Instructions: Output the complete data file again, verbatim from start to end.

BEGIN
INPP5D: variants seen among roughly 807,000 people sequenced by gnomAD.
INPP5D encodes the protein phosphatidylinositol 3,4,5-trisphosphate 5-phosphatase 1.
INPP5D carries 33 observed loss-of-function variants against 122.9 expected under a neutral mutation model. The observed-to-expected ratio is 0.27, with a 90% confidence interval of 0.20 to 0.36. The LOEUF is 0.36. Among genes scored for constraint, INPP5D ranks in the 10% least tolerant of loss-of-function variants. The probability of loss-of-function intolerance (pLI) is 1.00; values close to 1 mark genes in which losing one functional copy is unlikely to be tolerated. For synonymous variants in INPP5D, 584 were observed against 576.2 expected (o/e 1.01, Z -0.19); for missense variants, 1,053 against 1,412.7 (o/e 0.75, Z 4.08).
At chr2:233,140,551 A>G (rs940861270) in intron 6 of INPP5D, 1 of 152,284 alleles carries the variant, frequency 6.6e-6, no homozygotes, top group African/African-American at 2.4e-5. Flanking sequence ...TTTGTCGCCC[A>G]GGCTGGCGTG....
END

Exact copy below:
INPP5D: variants seen among roughly 807,000 people sequenced by gnomAD.
INPP5D encodes the protein phosphatidylinositol 3,4,5-trisphosphate 5-phosphatase 1.
INPP5D carries 33 observed loss-of-function variants against 122.9 expected under a neutral mutation model. The observed-to-expected ratio is 0.27, with a 90% confidence interval of 0.20 to 0.36. The LOEUF is 0.36. Among genes scored for constraint, INPP5D ranks in the 10% least tolerant of loss-of-function variants. The probability of loss-of-function intolerance (pLI) is 1.00; values close to 1 mark genes in which losing one functional copy is unlikely to be tolerated. For synonymous variants in INPP5D, 584 were observed against 576.2 expected (o/e 1.01, Z -0.19); for missense variants, 1,053 against 1,412.7 (o/e 0.75, Z 4.08).
At chr2:233,140,551 A>G (rs940861270) in intron 6 of INPP5D, 1 of 152,284 alleles carries the variant, frequency 6.6e-6, no homozygotes, top group African/African-American at 2.4e-5. Flanking sequence ...TTTGTCGCCC[A>G]GGCTGGCGTG....